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March 27, 1990


Appeal from the Superior court of the District of Columbia; Hon. Robert M. Scott, Trial Judge

Rehearing Granted December 12, 1990. As Amended December 12, 1990.

Rogers, Chief Judge, and Newman and Belson, Associate Judges.

The opinion of the court was delivered by: Belson

BELSON, Associate Judge : Appellant was charged with various offenses arising out of a rape and burglary of Ms. R.D. on April 7, 1985, and a burglary and assault of Ms. P.J. on July 26, 1985. *fn1 After a joint trial on all eleven counts arising from the incidents, the jury convicted appellant on all but one count. *fn2 Appellant seeks reversal on the ground that the trial court erred in denying his motion to sever the counts arising from the two incidents. We agree with appellant that it was reversible error to permit the jury to consider evidence of the April 7, 1985, incident in determining the issue of intent in connection with the July 26, 1985, incident, but are satisfied that the jury's consideration of the events of July 26, 1985, in connection with the issue of the identity of the perpetrator of the April 7, 1985, offenses did not give rise to reversible error.


Shortly after midnight on April 7, 1985, a man entered the home of Ms. R.D. on Minnesota Ave., N.E., through a second floor window. He wore a stocking mask and had a long knife, and forced the fifty-six-year-old Ms. R.D. to take off her clothes and then, at knife point, instructed her to lead him through various rooms of her residence. He then forced her back to her bedroom where he compelled her to engage in intercourse and sodomy. The man also stole some jewelry and money before he departed. Ms. R.D. testified that she had met appellant on the preceding morning when appellant walked by her residence as she and a friend, Ms. R.T., were conducting a yard sale and distributing religious literature to passersby. Appellant stopped and talked with the two women for ten or fifteen minutes. Appellant returned again to Ms. R.D.'s residence at about 7:15 p.m. of the evening preceding the crimes. He spoke with the women about religion for a half an hour, first outside, and then in the house. On leaving, he took some of the literature, and left with Ms. R.D. his name, address, and telephone number.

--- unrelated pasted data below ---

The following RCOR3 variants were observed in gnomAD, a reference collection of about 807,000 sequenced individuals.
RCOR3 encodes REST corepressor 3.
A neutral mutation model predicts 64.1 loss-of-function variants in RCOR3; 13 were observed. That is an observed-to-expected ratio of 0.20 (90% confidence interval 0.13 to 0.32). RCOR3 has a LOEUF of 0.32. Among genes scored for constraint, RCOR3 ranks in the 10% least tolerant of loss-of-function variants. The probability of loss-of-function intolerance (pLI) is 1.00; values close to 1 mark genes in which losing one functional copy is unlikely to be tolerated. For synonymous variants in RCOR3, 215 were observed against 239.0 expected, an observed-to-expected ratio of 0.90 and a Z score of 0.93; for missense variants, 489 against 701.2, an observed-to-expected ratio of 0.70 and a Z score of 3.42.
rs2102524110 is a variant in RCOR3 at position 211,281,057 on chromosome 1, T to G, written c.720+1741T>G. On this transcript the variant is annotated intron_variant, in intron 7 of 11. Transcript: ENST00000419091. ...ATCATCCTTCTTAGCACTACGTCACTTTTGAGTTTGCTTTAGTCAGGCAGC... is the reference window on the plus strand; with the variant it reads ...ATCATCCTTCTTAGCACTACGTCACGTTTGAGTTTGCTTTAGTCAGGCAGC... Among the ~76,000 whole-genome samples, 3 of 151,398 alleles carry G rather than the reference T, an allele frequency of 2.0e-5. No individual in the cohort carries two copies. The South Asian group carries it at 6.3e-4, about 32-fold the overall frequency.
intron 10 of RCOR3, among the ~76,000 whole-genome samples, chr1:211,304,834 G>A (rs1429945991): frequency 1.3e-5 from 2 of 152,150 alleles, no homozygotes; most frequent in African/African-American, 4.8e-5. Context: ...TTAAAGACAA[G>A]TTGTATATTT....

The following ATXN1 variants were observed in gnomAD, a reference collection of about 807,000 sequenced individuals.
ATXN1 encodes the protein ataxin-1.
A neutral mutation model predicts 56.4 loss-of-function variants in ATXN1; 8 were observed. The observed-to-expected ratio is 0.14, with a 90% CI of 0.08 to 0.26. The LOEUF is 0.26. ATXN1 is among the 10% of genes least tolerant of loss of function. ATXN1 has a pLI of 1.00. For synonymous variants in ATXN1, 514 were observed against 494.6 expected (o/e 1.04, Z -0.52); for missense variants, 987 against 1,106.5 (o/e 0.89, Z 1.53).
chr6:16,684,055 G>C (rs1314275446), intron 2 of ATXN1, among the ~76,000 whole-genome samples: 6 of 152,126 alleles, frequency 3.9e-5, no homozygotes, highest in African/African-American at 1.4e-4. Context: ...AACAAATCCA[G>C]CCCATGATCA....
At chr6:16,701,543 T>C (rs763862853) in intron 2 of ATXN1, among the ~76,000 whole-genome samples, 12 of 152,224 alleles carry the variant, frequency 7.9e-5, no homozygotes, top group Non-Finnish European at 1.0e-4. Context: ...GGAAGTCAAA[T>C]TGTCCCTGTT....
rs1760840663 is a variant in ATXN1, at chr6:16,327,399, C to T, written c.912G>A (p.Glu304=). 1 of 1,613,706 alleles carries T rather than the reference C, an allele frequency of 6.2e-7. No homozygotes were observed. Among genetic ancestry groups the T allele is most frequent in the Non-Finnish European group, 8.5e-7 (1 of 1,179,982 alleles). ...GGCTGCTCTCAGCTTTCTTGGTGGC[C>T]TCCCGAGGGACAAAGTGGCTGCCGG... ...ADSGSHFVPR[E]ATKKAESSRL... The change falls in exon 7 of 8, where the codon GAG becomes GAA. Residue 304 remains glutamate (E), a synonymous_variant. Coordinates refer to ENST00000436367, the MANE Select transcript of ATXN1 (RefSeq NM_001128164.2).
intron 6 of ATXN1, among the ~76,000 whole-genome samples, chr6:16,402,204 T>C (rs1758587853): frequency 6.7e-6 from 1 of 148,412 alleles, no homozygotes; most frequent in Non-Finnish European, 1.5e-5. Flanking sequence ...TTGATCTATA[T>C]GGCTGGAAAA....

Ms. R.D. testified that she told the police that she believed the perpetrator was appellant based primarily on the fact that she had noticed that both appellant and the intruder had a sniffle and the same bad diction, and were of the same build, height, and size. She testified she had paid particular attention to his voice, because his mask kept her from seeing his face, and later she selected his voice from among those of several men who uttered certain phrases R.D. specified at a "voice line up." A copy of that "line-up" was played to the jury at trial. Ms. R.D. stated at first that appellant's voice "really stood out" but that another voice also sounded like her assailant's voice. After hearing the voices again, she was sure that appellant's voice was the one. She was impeached with her statement to a detective that she did not think that she could identify the intruder visually and that she was not "sure" it was appellant.

Ms. R.D. described the intruder as a black male, twenty-five to thirty-five years old, and slim, about 5'11" and 135 pounds, and wearing blue pants. She also testified that just before he left through her back door he dropped his cigarettes on the floor, and she noticed that their brand was "Kools." The government introduced evidence that appellant smoked Kools cigarettes and that, consistent with the intruder, appellant's blood type was AB.